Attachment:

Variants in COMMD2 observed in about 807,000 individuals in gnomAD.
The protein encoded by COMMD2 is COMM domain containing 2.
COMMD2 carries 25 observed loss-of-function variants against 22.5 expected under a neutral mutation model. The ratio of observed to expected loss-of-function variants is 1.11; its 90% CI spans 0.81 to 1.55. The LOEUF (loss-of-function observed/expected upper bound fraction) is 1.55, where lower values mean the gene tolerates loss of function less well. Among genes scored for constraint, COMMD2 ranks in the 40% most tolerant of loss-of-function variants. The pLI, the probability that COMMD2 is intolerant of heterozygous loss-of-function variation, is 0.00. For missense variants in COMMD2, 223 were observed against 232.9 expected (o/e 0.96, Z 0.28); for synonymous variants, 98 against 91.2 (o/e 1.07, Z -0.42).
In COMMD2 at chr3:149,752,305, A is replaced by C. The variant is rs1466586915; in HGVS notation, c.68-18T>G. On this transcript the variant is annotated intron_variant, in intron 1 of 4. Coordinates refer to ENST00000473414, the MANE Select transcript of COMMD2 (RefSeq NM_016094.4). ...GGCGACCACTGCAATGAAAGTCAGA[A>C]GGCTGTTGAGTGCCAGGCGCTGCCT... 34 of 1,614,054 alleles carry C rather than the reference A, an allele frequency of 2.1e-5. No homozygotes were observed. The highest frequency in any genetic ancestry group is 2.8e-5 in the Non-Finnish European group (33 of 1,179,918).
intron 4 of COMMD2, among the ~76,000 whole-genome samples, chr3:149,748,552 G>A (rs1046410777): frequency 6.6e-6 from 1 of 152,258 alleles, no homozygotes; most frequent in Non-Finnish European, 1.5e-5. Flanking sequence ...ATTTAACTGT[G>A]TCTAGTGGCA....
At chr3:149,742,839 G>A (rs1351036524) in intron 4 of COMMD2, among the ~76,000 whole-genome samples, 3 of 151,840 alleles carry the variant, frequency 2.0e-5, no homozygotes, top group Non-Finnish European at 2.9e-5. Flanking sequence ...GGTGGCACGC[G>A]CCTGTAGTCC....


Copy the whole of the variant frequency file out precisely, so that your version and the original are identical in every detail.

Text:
Variants in COMMD2 observed in about 807,000 individuals in gnomAD.
The protein encoded by COMMD2 is COMM domain containing 2.
COMMD2 carries 25 observed loss-of-function variants against 22.5 expected under a neutral mutation model. The ratio of observed to expected loss-of-function variants is 1.11; its 90% CI spans 0.81 to 1.55. The LOEUF (loss-of-function observed/expected upper bound fraction) is 1.55, where lower values mean the gene tolerates loss of function less well. Among genes scored for constraint, COMMD2 ranks in the 40% most tolerant of loss-of-function variants. The pLI, the probability that COMMD2 is intolerant of heterozygous loss-of-function variation, is 0.00. For missense variants in COMMD2, 223 were observed against 232.9 expected (o/e 0.96, Z 0.28); for synonymous variants, 98 against 91.2 (o/e 1.07, Z -0.42).
In COMMD2 at chr3:149,752,305, A is replaced by C. The variant is rs1466586915; in HGVS notation, c.68-18T>G. On this transcript the variant is annotated intron_variant, in intron 1 of 4. Coordinates refer to ENST00000473414, the MANE Select transcript of COMMD2 (RefSeq NM_016094.4). ...GGCGACCACTGCAATGAAAGTCAGA[A>C]GGCTGTTGAGTGCCAGGCGCTGCCT... 34 of 1,614,054 alleles carry C rather than the reference A, an allele frequency of 2.1e-5. No homozygotes were observed. The highest frequency in any genetic ancestry group is 2.8e-5 in the Non-Finnish European group (33 of 1,179,918).
intron 4 of COMMD2, among the ~76,000 whole-genome samples, chr3:149,748,552 G>A (rs1046410777): frequency 6.6e-6 from 1 of 152,258 alleles, no homozygotes; most frequent in Non-Finnish European, 1.5e-5. Flanking sequence ...ATTTAACTGT[G>A]TCTAGTGGCA....
At chr3:149,742,839 G>A (rs1351036524) in intron 4 of COMMD2, among the ~76,000 whole-genome samples, 3 of 151,840 alleles carry the variant, frequency 2.0e-5, no homozygotes, top group Non-Finnish European at 2.9e-5. Flanking sequence ...GGTGGCACGC[G>A]CCTGTAGTCC....